52,943 reviews
and more.. and still writing ...

Search MusicWeb Here



International mailing

  Founder: Len Mullenger             Editor in Chief: John Quinn               Contact Seen and Heard here  

Some items
to consider

£11 post-free anywhere
Normal service resumed


100th birthday of Mieczyslaw Weinberg on December 8, 2019.
Renate Eggbrecht has recorded all 3 violin Sonatas

Bruno Monteiro (violin)

More Preludes to Chopin
Kenneth Hamilton (piano)

Gloriæ Dei Cantores


Recordings of the Month


Beethoven Piano Concertos

Stradal Transcriptions

LOSY Note d’oro

Scarlatti Sonatas Vol 2



Feinberg Piano Sonatas

Schoenberg Violin Concerto

Early Keyboard

Nun Danket Alle Gott
Now Everyone Thanks God


REVIEW Plain text for smartphones & printers
Advertising on

Donate and keep us afloat


New Releases

Naxos Classical

Nimbus Podcast

Obtain 10% discount

Special offer 50% off
15CDs £83 incl. postage

Musicweb sells the following labels

Altus 10% off
Atoll 10% off
CRD 10% off
Hallé 10% off
Lyrita 10% off
Nimbus 10% off
Nimbus Alliance
Prima voce 10% off
Red Priest 10% off
Retrospective 10% off
Saydisc 10% off
Sterling 10% off

Follow us on Twitter

Subscribe to our free weekly review listing

Sample: See what you will get

Editorial Board
MusicWeb International
Founding Editor
Rob Barnett
Editor in Chief
John Quinn
Seen & Heard
Editor Emeritus
   Bill Kenny
MusicWeb Webmaster
   David Barker
Jonathan Woolf
MusicWeb Founder
   Len Mullenger

Support us financially by purchasing this disc from
Paul HINDEMITH (1895-1963)
Konzertmusik for brass and strings, Op. 50 (1930) [17:45]
Symphony Mathis der Maler (1933-1934) [26:55]
Symphonic Metamorphosis after themes by Carl Maria von Weber (1943) [21:18]
BBC Scottish Symphony Orchestra/Martyn Brabbins
rec. December 2012, City Halls, Candleriggs, Glasgow, UK
HYPERION CDA68006 [65:58]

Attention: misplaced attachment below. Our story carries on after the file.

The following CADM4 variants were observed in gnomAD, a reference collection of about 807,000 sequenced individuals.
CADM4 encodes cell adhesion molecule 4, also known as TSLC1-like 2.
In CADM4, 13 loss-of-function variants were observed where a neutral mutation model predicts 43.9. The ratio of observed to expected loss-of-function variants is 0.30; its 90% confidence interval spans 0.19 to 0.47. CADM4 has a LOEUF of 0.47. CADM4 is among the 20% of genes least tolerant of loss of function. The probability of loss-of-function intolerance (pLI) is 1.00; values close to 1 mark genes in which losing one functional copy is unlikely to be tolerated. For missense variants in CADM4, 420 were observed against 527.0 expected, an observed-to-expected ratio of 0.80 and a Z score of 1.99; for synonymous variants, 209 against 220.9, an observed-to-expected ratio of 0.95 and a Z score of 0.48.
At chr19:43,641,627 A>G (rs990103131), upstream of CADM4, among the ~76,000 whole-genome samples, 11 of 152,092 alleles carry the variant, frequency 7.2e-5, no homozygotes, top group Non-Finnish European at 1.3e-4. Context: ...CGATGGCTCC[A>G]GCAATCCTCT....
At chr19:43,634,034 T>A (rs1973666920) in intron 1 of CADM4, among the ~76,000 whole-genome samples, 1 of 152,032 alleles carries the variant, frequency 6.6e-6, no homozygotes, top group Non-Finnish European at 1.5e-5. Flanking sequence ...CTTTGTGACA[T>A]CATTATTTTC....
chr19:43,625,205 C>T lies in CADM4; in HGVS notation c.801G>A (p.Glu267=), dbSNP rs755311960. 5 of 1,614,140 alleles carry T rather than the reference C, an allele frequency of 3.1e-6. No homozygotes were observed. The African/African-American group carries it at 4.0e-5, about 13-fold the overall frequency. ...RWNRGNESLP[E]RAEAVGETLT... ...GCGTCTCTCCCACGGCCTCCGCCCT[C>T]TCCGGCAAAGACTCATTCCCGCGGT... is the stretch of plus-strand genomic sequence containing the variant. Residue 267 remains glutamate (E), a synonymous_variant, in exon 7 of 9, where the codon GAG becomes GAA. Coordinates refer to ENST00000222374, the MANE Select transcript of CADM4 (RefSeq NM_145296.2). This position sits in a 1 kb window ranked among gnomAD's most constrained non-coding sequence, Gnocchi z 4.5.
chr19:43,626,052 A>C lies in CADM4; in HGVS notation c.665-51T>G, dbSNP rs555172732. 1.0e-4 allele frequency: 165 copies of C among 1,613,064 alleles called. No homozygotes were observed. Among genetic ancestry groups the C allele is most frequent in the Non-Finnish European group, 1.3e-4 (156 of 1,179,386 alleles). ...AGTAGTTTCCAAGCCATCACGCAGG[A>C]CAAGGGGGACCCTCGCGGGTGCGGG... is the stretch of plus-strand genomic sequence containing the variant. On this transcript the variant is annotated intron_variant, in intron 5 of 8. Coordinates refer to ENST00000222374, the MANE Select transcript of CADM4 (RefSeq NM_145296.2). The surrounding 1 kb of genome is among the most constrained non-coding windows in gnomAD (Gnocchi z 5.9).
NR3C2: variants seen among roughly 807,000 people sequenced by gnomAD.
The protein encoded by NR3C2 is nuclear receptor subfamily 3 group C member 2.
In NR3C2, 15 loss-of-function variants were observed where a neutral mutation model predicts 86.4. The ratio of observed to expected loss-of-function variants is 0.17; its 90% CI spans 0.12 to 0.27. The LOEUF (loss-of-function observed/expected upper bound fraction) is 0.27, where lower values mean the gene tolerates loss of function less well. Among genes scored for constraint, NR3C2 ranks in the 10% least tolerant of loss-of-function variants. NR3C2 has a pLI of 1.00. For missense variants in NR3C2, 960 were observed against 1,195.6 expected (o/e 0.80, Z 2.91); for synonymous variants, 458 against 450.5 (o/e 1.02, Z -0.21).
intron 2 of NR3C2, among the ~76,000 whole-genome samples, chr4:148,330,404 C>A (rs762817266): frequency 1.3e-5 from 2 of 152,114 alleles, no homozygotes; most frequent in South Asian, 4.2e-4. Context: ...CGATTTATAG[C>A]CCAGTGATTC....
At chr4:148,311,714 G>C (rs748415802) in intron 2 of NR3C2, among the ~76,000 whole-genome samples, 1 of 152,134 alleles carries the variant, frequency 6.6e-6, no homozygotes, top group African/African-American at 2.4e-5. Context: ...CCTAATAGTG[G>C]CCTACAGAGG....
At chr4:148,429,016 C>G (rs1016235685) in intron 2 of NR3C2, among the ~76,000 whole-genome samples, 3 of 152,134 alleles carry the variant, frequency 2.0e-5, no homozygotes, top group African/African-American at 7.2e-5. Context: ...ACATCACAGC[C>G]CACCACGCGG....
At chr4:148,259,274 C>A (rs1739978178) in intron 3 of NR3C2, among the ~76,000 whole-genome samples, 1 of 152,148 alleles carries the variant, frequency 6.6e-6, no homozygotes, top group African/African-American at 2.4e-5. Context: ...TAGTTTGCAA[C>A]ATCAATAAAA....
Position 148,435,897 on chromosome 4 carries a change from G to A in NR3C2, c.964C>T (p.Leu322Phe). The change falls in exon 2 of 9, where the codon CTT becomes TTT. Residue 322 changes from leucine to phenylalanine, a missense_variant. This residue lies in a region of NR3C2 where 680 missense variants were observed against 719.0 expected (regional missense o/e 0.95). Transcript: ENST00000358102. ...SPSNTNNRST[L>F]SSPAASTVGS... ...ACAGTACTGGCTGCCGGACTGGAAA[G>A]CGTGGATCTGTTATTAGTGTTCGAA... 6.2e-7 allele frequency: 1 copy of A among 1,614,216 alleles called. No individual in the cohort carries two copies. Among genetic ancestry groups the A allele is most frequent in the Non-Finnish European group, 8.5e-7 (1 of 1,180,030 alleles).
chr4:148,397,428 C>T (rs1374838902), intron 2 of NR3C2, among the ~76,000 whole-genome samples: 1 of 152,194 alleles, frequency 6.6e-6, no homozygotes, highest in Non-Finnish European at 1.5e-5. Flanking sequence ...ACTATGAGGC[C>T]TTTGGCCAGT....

This is a very sensible programme; the Konzertmusik isn’t the most endearing of Hindemith’s creations, but Mathis and the Symphonic Metamorphosis do have an instant and lasting appeal. All three pieces have fared well on record; among notable versions of the Konzertmusik are the composer’s own (Warner), Bernstein’s (Sony) and, more recently, Blomstedt’s on Decca and Bělohlávek’s on Chandos. The remaining works are equally well served, although Blomstedt’s San Francisco coupling is the pick of the bunch.
Hindemith wrote Konzertmusik for piano, viola, harps, winds and brass, all of which represent a stern, very deliberate reaction to post-Romantic warmth and effusiveness. I do find these pieces rather dry - dour even - although there’s no denying their compositional strength and, occasionally, a flash of feeling. The first thing that struck me about this new recording was the bright, quite forward sound; I’ve never been very enthusiastic about this venue’s acoustics, but in this case they give the brass a suitable edge.
The Mathis Symphony - a musical depiction of Matthias Grünewald’s Isenheim altarpiece - is an altogether more engaging work, whose crowning perorations can’t fail to please. Blomstedt and his San Francisco players have the benefit of a spacious, detailed and weighty recording; not only that, the American band are in terrific, highly virtuosic form, and that makes for a truly epic performance of this fine score. Brabbins looks inward - he’s more devotional than ecstatic - which has its own rewards; that said, the BBCSSO don’t sound nearly as sonorous or as incisive in the tuttis, so anyone hoping for a sonic tour de force - perhaps even an epiphany or two - may feel short-changed.
The same goes for this new Symphonic Metamorphosis. Blomstedt’s account is vivid and propulsive, and I much admire the SFSO’s corporate sheen and impact. In his favour Brabbins brings out the work’s more rigorous, meditative elements, and that too has its rewards. The only downside is that momentum tends to flag at times; and, as responsive and tidy as the BBCSSO’s playing undoubtedly is, it doesn’t come close to the brio and brilliance of those mighty San Franciscans. In particular I miss the sheer wallop and weight of the latter. The recording is one of Decca’s finest, too.
So, a qualified welcome for this new disc; thanks to Hyperion for their continuing commitment to this composer. As for the indefatigable Martyn Brabbins he’s a maestro who is never less than engaging and is clearly committed to the music. Indeed, we owe him a huge debt of gratitude for that unforgettable Gothic (review). Gavin Plumley’s very readable liner-notes are well up to the standards of the house.
Not as spectacular as Blomstedt; more probing, though.
Dan Morgan